A debt charity is calling on the government to introduce stronger protections for tenants who fall behind on their rent.
StepChange's survey found that private renters struggled to afford their homes more than any other housing tenure, with one in six (1.2 million people) relying on credit to make ends meet.
It reveals that 15% of private renters (1.1 million people) are now in problem debt, compared to 8% of the general population, up from 11% in January.
The charity blames private landlords for often clawing back rent arrears at an unaffordable rate and adds that they are less likely than social landlords to signpost tenants to support.
Knock-on effects of the resulting stress manifest themselves in poor health and wellbeing, with three in four (75%) private renters saying that they or their family had been negatively affected by housing issues, according to StepChange.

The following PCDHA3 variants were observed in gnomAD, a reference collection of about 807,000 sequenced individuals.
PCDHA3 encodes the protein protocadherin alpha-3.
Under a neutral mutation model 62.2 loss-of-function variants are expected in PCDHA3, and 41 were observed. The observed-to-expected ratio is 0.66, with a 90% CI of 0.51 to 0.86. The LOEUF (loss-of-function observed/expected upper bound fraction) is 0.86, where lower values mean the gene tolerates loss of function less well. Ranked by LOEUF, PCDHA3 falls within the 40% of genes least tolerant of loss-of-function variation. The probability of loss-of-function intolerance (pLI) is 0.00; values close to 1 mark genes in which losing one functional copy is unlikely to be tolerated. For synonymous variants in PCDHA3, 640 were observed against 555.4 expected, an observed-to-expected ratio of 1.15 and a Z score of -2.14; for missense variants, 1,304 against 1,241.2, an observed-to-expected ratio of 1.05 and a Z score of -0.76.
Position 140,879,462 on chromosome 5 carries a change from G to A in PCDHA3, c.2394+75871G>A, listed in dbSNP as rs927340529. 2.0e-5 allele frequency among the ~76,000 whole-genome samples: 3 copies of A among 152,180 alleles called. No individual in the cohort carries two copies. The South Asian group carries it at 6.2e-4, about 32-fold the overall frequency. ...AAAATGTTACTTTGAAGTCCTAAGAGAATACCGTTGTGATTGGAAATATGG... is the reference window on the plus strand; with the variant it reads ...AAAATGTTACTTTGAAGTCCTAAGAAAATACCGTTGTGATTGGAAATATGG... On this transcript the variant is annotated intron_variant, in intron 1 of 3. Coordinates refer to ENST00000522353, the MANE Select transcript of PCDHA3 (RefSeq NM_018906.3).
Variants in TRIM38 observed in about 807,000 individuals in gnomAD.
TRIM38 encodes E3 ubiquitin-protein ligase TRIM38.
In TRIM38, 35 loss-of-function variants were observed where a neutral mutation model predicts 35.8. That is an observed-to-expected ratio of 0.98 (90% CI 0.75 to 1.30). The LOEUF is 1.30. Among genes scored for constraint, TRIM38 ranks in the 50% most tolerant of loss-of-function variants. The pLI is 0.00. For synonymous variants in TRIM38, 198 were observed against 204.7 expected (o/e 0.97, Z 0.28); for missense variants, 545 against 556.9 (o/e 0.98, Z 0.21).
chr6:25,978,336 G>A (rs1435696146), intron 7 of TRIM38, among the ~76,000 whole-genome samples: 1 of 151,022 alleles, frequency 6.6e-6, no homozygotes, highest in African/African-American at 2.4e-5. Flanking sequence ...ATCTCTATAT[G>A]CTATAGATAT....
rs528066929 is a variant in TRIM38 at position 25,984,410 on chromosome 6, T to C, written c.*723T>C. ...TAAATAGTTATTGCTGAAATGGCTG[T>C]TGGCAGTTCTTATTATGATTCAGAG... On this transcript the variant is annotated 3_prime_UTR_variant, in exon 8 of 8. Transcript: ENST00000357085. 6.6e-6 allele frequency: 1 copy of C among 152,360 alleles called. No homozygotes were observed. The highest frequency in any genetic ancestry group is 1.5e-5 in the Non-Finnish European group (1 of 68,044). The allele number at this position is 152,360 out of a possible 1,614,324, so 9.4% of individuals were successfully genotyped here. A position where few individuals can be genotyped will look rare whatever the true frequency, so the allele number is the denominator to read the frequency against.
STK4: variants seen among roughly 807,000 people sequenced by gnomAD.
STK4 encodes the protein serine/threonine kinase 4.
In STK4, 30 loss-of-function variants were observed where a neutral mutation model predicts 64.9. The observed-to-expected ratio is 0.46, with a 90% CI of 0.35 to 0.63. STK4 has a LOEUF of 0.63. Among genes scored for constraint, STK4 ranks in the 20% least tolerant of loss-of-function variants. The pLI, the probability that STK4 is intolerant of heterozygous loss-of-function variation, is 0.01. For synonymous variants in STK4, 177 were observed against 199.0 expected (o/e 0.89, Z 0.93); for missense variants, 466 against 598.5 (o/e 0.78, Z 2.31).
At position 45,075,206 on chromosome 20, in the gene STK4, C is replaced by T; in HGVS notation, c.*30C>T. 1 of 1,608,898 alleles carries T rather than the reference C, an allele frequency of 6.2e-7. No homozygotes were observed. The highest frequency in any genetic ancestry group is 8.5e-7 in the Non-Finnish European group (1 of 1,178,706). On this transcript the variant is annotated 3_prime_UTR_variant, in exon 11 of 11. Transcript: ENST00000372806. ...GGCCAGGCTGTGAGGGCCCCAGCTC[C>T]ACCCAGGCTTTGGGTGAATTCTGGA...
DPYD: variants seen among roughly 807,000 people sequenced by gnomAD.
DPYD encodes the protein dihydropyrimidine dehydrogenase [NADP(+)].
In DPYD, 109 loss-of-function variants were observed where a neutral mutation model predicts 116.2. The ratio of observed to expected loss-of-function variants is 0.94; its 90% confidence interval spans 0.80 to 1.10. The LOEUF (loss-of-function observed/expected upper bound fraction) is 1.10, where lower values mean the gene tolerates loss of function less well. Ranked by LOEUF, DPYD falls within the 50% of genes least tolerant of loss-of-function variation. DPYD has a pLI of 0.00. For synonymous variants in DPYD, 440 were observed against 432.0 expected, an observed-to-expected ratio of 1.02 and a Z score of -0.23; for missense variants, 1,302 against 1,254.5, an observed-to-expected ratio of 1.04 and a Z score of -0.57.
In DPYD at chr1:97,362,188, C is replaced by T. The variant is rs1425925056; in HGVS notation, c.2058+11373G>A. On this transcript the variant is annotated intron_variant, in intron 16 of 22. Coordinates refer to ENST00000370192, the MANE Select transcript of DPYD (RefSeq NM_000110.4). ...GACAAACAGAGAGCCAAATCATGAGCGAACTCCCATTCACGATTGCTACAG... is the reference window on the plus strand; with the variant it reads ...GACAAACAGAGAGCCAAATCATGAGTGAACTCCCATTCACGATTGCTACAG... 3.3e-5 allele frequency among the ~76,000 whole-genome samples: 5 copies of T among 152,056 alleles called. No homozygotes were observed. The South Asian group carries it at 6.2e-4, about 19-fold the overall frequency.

It wants the government to increase funding to help struggling PRS renters. Extra discretionary funding should be matched by a strategy to increase access to support for those in financial difficulty and vulnerable circumstances, says StepChange, while the government should restore housing benefit to cover the real cost of rent.
Ensuring that tenants have access to support and free debt advice as well as affordable repayment plans should also prevent unnecessary '�hair-trigger' evictions '� those on the grounds of rent arrears.
Director of external affairs, Richard Lane (main picture), believes more could be done to protect those who should be in socially rented accommodation but have no hope of accessing it.
'Unless we see benefits that cover the real cost of renting, alongside strengthened rules that protect financially vulnerable tenants who fall behind on their rent, the cycle of debt and housing insecurity will be doomed to repeat itself for millions of people,'� he adds.